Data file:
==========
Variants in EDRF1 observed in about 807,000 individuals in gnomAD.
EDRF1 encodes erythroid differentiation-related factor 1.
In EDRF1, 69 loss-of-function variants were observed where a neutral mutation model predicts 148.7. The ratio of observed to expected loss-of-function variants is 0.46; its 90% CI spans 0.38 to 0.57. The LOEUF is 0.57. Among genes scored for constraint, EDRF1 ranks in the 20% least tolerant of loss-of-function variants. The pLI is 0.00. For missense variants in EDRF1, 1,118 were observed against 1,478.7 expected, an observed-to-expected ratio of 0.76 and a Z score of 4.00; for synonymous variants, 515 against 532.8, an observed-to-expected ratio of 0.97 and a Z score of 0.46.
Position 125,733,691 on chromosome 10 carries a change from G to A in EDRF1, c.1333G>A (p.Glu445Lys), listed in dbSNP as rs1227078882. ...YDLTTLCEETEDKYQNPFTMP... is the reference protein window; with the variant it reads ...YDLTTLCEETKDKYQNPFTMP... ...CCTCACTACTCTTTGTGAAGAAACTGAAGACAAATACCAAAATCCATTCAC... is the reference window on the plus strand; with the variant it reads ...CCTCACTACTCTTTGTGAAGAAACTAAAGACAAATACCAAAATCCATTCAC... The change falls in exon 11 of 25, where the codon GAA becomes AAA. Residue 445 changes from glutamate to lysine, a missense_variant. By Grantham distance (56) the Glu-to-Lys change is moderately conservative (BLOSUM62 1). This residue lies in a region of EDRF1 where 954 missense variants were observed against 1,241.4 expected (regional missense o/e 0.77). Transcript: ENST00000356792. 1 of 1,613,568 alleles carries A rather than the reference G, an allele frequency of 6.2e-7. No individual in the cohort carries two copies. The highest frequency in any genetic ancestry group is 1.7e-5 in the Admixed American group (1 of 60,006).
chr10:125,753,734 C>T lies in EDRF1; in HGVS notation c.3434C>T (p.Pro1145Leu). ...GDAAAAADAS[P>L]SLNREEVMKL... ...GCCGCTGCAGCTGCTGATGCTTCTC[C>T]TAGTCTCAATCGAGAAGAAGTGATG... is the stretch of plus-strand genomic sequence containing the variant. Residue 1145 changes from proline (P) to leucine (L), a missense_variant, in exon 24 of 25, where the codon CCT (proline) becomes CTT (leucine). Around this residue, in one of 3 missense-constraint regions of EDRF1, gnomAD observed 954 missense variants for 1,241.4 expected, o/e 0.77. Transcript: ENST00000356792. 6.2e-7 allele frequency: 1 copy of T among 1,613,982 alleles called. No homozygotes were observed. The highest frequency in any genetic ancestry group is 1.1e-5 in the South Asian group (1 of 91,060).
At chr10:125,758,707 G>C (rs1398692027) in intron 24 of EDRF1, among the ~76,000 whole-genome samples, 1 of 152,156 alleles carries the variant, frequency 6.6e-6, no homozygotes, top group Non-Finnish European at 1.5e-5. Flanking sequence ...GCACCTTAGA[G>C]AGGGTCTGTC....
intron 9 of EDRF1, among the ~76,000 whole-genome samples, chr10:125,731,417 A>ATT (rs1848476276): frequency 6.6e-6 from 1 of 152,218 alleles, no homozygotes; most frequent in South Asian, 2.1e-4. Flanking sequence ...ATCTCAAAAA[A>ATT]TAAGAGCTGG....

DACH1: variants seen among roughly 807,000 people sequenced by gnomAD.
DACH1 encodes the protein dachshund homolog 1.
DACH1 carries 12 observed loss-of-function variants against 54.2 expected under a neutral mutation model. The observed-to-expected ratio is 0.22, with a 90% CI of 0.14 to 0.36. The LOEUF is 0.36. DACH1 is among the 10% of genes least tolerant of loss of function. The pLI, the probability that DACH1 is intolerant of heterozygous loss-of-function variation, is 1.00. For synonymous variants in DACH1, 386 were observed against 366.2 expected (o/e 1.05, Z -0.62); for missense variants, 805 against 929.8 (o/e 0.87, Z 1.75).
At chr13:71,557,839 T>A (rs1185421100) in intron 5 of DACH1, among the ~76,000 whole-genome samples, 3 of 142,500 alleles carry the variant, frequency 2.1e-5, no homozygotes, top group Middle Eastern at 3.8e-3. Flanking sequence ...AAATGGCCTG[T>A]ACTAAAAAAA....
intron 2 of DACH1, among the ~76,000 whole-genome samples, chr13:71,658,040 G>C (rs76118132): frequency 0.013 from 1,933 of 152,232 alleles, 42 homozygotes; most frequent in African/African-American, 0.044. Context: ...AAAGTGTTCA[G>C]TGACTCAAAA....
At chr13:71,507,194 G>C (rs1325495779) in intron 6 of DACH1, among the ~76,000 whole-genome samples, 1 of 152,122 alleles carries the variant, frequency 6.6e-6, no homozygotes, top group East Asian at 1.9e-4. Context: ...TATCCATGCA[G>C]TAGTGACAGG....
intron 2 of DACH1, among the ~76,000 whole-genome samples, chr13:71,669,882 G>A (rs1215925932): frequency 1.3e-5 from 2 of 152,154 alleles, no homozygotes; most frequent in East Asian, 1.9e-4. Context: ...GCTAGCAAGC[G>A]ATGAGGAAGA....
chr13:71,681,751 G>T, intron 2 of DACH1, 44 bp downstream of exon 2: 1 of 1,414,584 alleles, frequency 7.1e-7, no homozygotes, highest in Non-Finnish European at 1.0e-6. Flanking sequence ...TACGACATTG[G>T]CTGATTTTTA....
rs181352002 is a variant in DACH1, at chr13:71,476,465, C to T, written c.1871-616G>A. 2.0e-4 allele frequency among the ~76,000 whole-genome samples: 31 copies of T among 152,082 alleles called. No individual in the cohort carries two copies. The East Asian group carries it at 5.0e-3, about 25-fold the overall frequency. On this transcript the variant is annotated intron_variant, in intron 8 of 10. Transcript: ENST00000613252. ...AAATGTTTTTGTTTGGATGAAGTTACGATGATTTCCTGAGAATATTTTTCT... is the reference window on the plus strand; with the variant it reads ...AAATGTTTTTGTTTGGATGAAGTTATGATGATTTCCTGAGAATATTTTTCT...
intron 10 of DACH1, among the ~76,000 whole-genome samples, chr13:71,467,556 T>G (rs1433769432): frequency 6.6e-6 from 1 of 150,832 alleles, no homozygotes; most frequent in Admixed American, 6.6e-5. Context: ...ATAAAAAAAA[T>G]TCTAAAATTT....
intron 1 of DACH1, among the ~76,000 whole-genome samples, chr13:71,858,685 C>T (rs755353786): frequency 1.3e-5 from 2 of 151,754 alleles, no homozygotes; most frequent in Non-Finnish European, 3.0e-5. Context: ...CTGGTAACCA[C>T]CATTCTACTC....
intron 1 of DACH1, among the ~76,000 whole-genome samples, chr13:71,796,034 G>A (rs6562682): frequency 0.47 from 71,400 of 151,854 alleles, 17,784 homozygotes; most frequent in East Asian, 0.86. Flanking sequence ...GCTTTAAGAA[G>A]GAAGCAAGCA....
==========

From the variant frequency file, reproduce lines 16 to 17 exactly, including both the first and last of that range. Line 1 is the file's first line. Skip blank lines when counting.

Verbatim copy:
rs181352002 is a variant in DACH1, at chr13:71,476,465, C to T, written c.1871-616G>A. 2.0e-4 allele frequency among the ~76,000 whole-genome samples: 31 copies of T among 152,082 alleles called. No individual in the cohort carries two copies. The East Asian group carries it at 5.0e-3, about 25-fold the overall frequency. On this transcript the variant is annotated intron_variant, in intron 8 of 10. Transcript: ENST00000613252. ...AAATGTTTTTGTTTGGATGAAGTTACGATGATTTCCTGAGAATATTTTTCT... is the reference window on the plus strand; with the variant it reads ...AAATGTTTTTGTTTGGATGAAGTTATGATGATTTCCTGAGAATATTTTTCT...
intron 10 of DACH1, among the ~76,000 whole-genome samples, chr13:71,467,556 T>G (rs1433769432): frequency 6.6e-6 from 1 of 150,832 alleles, no homozygotes; most frequent in Admixed American, 6.6e-5. Context: ...ATAAAAAAAA[T>G]TCTAAAATTT....